The CHAIRMAN. Are there further questions of Mr. Propper?
Thank you very much, Mr. Propper, for your contribution.

Mr. MONRONEY. Mr. Chairman, could we answer the roll call and come back and continue until 1 o'clock or 1:30 ?

I think we just have an 'Interior appropriations general debate.
The CHAIRMAN. We will see what the situation is on the floor.
Mr. MONRONEY. Will we meet this afternoon?
The CHAIRMAN. I do not know yet.
Mr. MONRONEY. I respectfully suggest that we should meet.

The CHAIRMAN. We will stand in recess, to reconvene at the call of the chairman.

(Whereupon, the committee recessed, to reconvene at the call of the chairman.)




Washington, D. C. The committee reconvened at 10 a. m., Hon. Jesse P. Wolcott (chairman) presiding.

Present: Messrs. Wolcott, Gamble, Kunkel, Talle, McMillen, Buffett, Cole, Hull, Stratton, Scott, Banta, Fletcher, Nicholson, Spence, Brown, Patman, Monroney, Hays, Rains, Buchanan, Boggs, and Multer.

The CHAIRMAN. The committee will come to order.

We will continue with the hearings on the various House bills which are before the committee.

Mr. Douglas Whitlock, chairman of the Building Products Institute, will be our first witness.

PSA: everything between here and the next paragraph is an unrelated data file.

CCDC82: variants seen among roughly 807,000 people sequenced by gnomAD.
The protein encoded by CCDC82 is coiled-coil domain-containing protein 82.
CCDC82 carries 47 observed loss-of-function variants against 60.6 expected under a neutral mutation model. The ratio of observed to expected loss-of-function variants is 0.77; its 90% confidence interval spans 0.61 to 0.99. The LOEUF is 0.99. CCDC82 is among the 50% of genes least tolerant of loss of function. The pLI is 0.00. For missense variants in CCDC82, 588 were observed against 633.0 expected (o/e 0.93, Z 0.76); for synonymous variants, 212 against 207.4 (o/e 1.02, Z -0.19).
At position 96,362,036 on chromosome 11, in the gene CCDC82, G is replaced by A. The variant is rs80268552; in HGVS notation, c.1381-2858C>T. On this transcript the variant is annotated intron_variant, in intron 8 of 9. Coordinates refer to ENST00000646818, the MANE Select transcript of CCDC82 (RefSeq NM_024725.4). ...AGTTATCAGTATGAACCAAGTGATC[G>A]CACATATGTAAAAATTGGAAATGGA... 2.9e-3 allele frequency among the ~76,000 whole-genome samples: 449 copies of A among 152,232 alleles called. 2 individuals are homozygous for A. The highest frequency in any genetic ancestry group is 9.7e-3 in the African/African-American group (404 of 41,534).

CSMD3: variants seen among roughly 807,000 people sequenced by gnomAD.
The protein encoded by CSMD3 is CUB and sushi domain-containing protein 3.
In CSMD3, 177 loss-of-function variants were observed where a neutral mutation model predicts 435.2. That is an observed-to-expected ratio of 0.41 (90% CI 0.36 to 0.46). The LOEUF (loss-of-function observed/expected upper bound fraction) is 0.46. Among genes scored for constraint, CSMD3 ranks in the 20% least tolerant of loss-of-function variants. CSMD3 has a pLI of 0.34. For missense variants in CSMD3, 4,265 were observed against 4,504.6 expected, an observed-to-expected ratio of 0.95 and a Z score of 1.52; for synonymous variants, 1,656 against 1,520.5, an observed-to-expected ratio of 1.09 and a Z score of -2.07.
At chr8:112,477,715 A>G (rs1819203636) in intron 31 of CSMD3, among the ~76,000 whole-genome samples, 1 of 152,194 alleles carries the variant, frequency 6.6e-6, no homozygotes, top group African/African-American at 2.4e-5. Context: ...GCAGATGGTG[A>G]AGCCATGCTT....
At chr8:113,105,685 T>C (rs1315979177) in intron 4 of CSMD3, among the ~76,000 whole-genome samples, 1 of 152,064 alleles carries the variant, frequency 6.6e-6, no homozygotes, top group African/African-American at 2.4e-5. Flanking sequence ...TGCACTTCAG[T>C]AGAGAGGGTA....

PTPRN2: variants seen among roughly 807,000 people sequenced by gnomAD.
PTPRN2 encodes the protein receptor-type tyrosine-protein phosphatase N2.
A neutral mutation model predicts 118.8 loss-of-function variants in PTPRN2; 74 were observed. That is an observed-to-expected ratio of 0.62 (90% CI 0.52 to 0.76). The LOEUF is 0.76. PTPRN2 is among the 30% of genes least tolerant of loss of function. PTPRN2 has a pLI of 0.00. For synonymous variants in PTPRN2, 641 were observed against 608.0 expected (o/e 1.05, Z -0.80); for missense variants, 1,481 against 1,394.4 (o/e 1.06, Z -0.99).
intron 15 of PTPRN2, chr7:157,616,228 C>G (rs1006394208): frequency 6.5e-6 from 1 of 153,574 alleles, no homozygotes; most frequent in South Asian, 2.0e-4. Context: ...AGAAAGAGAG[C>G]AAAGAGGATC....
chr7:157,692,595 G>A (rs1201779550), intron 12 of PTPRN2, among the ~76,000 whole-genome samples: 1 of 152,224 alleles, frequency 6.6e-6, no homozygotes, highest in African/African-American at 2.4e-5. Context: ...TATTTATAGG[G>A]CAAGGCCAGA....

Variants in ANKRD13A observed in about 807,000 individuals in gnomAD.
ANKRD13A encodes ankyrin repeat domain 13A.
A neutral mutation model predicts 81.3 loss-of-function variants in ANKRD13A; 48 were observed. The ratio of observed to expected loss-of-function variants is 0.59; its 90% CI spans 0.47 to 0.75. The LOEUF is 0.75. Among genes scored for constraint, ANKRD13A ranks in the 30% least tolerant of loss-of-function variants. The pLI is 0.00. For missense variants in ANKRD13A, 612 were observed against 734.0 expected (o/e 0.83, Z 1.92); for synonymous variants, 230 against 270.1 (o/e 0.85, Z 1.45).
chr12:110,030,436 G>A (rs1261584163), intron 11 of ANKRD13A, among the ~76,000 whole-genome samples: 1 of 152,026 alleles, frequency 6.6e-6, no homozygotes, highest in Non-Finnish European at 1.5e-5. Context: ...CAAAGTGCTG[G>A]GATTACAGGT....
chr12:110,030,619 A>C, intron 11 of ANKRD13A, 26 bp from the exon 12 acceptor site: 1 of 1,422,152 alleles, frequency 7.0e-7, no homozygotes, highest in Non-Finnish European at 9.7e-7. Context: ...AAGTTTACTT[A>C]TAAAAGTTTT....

You may proceed, Mr. Whitlock.



Mr. WHITLOCK. Mr. Chairman, my name is Douglas Whitlock. My offices are in the Shoreham Building, Washington, D. C.

I appear as chairman of the Building Products Institute, an organization of manufacturers of building materials and equipment.

I have filed with the committee a short statement which I would like to read to the committee. I also have a supplemental statement covering the bill, Senate 866, by title and section and line, which I would also like to file with the committee at the proper time.

I appear in opposition to S. 866, including the Declaration of National Housing Policy which starts on page 1.

First, however, I would like to voice my appreciation of the willingness of the chairman and the committee to hear the views of the opponents of this bill. As you may know, the Senate refused to hear on single witness from the building industry, with the result that members of the Senate were in the position of passing on this measure without having heard any analysis of its numerous shortcomings.

The reason for that arbitrary decision is not hard to find. Certain of the advocates of S. 866 knew full well that it never could pass if it were analyzed section by section. They had succeeded in persuading a large segment of the public that it was a bill to provide 15 million new homes in 10 years, although, as I shall show in due course, it is no such thing. Those advocates ballyhooed this bill as a means of aiding private enterprise to build most of the 15 million homes,